The Clean Energy Solutions Center provided an overview of results-based finance to the Helios Social Enterprise, which received governmental grant support to progress mini-grids in Tanzania. The World Bank estimates that achieving universal electricity access will require additional investments of USD 900 billion between 2010 and 2030. More than 60% of that that investment is expected to be needed in sub-Saharan Africa alone, which translates into a clear need to scale up public and private finance. One increasingly widespread tool to increase access and mobilize private finance is known as ""results-based finance,"" which links grants to predetermined and verified results.
Well-designed results-based finance initiatives typically aim to meet three key requirements:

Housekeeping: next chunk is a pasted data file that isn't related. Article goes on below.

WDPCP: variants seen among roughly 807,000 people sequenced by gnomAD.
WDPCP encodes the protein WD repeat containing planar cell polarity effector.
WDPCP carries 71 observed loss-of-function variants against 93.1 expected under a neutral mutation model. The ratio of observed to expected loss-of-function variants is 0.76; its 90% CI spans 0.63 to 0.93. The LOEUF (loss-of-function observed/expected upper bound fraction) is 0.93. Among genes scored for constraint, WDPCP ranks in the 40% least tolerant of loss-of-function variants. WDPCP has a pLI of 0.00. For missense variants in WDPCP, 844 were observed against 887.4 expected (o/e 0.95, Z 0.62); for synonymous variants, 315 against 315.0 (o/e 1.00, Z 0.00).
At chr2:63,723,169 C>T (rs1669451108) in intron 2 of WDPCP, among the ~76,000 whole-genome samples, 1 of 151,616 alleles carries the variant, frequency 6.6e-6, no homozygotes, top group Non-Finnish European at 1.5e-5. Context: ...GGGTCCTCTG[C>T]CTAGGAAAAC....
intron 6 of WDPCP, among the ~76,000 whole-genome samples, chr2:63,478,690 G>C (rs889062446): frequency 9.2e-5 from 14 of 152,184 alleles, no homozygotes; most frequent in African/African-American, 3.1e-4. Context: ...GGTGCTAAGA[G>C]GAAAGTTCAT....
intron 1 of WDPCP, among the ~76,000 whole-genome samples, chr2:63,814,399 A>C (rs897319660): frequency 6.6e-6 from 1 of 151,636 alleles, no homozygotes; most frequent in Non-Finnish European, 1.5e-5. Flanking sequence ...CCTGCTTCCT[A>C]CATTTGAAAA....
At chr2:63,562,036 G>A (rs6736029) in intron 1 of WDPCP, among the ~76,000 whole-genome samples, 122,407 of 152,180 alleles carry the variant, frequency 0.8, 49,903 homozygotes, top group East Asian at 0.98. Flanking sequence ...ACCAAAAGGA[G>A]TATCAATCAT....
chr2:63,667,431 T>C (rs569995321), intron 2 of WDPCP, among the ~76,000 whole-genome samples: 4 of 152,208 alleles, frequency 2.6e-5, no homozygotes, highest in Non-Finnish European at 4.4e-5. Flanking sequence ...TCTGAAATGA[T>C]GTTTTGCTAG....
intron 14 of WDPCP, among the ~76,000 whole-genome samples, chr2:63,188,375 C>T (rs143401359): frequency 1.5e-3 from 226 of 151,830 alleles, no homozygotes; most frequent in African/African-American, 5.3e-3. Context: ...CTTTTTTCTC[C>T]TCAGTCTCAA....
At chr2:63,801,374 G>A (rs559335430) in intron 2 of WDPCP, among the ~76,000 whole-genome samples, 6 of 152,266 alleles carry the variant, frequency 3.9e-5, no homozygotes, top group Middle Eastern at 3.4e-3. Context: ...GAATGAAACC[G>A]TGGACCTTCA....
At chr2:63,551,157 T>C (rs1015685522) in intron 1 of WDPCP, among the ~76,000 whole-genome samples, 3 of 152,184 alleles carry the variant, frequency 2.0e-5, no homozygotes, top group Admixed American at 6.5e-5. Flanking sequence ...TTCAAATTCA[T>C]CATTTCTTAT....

- Provide a carefully calibrated level of support, based on current technology and deployment costs, as well as the national or regional context
- Time-bound to avoid a long-term dependence on the funding available
- Well-targeted to avoid the crowding out of private sector-led projects, or business models that are mature enough to scale up without incentives.
Results-based finance can be a powerful mechanism to broaden the base of citizens who are able to afford electrification while enabling a more rapid scale-up in the jurisdictions targeted. This Solutions Center analysis provides an overview of a few such initiatives underway across sub-Saharan Africa, with a focus on Rwanda, Kenya, Mali, Benin and Ghana.
Impacts of Assistance
The information provided to Tanzania on results-based financing will contribute to the advancement of mini-grids by building capacity to develop and implement this powerful mechanism for affordable electrification.